Content Warning: biphobia homophobia internalised homophobia

The current topic is how we knew we were bi (link to the prompt post can be seen here). Starting you off is Your Editor's entry:

I was eleven when I saw two girls kissing on tv and realised I wanted to be doing that too. My immediate thought was a deeply irritated, oh, of course I’m gay. Of course. Which I think nicely sums up both what I thought that would mean for me at the time and exactly how much of a sarcastic forty year old trapped in a child’s body my pre-teen self managed to be. I was convinced that if you were gay you couldn’t have relationships openly because it was too dangerous, never mind get married or have children (which I wanted very much at the time though now I can’t picture anything worse) and spent a lot of time trying to convince myself to be attracted to men instead.

It turns out I’m not attracted to very many people at all. When I was around fifteen I discovered I could be attracted to boys. I was incredibly relieved because this made room for my life plan of marriage and children but I was also upset and embarrassed because as he was the only person I was attracted to at the time I assumed that I wasn’t actually attracted to girls after all. A lot of people had told me that it was a phase and I thought this meant they were right.

This kept happening. I would usually only be attracted to one or two people at a time and I kept fluctuating between thinking I was a lesbian, straight or bisexual for years. I actually thought my sexuality kept changing and was really confused and worried by this; because what if it changed when I was in a relationship with someone I loved? I kept calling myself bisexual during this period because of the space it gave me to experience whatever attraction I experienced, and because I knew that even if I was only experiencing attraction to one gender at that moment I had been attracted to others in the past and probably would be again.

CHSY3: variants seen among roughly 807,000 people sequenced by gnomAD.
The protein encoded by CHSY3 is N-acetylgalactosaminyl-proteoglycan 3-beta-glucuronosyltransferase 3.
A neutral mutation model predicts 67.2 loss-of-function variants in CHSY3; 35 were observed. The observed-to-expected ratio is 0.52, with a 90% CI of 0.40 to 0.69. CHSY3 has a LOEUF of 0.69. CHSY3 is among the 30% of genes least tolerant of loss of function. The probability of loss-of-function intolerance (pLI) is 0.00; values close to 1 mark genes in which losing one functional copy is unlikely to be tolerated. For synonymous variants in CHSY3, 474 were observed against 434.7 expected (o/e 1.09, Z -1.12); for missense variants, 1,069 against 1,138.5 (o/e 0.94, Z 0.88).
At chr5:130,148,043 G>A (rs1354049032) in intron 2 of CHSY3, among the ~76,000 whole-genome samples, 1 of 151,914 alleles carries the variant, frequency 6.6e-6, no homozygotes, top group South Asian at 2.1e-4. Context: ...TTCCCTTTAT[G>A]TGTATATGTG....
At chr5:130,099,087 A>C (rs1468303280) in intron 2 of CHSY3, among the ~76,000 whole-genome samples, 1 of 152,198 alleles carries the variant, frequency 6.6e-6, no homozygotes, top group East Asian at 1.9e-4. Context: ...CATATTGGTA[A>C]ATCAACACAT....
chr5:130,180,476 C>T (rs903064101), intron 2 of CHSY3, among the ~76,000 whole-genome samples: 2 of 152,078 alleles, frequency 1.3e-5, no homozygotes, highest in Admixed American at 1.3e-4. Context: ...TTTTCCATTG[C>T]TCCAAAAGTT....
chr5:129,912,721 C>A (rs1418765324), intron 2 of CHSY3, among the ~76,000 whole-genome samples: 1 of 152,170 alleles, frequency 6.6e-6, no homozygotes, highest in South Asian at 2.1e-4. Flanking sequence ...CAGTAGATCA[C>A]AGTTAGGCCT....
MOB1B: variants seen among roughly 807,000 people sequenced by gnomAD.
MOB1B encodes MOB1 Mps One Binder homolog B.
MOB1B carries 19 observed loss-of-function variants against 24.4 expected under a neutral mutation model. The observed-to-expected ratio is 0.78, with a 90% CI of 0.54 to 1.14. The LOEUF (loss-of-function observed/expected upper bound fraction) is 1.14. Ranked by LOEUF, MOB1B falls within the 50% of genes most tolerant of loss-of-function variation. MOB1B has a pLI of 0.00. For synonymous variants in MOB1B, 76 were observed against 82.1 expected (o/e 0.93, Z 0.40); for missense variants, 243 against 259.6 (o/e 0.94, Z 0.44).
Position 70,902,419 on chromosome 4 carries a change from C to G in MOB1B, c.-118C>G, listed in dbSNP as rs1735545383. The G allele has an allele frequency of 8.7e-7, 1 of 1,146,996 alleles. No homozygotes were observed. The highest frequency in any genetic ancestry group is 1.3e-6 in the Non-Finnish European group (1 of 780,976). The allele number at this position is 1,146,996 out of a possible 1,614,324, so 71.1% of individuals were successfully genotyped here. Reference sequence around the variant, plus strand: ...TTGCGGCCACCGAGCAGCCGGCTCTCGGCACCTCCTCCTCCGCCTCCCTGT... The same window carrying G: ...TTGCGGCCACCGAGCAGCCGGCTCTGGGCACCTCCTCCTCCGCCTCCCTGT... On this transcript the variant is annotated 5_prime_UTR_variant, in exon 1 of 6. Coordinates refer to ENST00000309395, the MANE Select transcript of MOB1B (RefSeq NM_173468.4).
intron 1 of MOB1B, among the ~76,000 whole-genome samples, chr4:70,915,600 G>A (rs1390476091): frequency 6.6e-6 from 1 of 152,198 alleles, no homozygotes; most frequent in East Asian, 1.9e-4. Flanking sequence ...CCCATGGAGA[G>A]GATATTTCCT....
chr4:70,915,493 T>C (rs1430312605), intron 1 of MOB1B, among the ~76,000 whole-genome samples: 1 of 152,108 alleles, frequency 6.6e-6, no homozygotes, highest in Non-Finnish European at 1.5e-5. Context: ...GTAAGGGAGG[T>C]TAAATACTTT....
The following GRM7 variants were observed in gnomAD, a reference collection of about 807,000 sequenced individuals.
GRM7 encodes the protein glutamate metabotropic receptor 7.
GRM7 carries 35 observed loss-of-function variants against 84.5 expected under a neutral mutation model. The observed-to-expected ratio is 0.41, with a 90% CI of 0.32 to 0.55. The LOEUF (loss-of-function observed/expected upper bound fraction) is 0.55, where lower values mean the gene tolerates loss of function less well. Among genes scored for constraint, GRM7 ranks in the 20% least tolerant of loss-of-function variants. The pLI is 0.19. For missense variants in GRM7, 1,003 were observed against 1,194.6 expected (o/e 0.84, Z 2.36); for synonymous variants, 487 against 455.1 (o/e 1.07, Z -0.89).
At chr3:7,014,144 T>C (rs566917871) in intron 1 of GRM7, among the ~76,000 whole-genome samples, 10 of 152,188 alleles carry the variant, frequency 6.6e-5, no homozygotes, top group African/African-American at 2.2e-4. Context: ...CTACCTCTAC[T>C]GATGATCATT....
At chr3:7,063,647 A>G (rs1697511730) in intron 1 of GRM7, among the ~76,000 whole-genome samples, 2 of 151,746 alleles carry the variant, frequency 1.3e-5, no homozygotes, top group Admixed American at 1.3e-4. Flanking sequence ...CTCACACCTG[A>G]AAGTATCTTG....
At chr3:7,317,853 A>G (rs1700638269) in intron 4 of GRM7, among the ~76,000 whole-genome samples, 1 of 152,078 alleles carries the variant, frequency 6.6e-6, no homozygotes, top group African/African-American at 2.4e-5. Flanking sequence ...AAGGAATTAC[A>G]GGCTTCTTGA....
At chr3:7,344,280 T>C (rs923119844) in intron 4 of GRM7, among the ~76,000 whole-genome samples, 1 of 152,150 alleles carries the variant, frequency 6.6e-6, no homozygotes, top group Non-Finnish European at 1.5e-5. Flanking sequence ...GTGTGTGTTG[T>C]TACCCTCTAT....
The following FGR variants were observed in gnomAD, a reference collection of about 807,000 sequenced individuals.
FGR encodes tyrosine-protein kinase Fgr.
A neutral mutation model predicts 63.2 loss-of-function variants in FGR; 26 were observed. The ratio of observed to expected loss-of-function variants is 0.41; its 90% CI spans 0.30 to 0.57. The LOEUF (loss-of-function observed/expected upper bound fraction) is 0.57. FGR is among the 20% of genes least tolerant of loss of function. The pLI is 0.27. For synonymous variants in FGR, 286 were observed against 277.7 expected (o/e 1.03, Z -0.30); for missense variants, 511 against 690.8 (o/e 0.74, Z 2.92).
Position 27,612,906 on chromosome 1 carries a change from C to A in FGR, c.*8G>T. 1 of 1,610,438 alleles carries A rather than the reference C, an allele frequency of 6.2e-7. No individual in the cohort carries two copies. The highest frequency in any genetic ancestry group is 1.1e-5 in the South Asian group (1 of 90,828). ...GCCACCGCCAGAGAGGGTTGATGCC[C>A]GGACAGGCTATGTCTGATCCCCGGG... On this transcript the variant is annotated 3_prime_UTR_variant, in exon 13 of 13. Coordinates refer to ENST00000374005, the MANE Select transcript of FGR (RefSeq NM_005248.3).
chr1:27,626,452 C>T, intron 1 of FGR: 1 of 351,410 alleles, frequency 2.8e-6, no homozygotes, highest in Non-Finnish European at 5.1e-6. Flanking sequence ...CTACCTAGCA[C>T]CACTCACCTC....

Eventually I found the term demisexual and while I don’t find it useful as an identity label, as a descriptor for a pattern of attraction it helped me to make sense of myself and my sexuality. I didn’t actually twig that it applied to me at first, mostly because of that moment in front of the tv when I was eleven, but then one day I realised that everyone I had been attracted to was someone I’d befriended first, and that while I found various celebrities beautiful I had never actually been attracted to one. It had been the idea of kissing a girl that I’d liked, not either of the girls on the screen. Knowing this about myself has been especially useful when it comes to my dating life as I kept assuming that there had to be a spark of attraction on a first date or there never would be, largely because people kept telling me that this was how it worked. It was only when I realised this about myself that I figured out how to navigate my romantic life successfully.

I really like being bisexual because I like the freedom of being able to fall in love with anyone of any gender, though I have a romantic preference for women and femme spectrum non binary people. That might sound strange considering what I’ve written about my restricted and conditional attraction to people, but I don’t actually find that limiting either. People like to talk about how labels don’t matter but I find knowing myself and having a firm grasp on my sexual identity has made me much more comfortable with myself. Plus the bi community is awesome, so that’s a definite plus.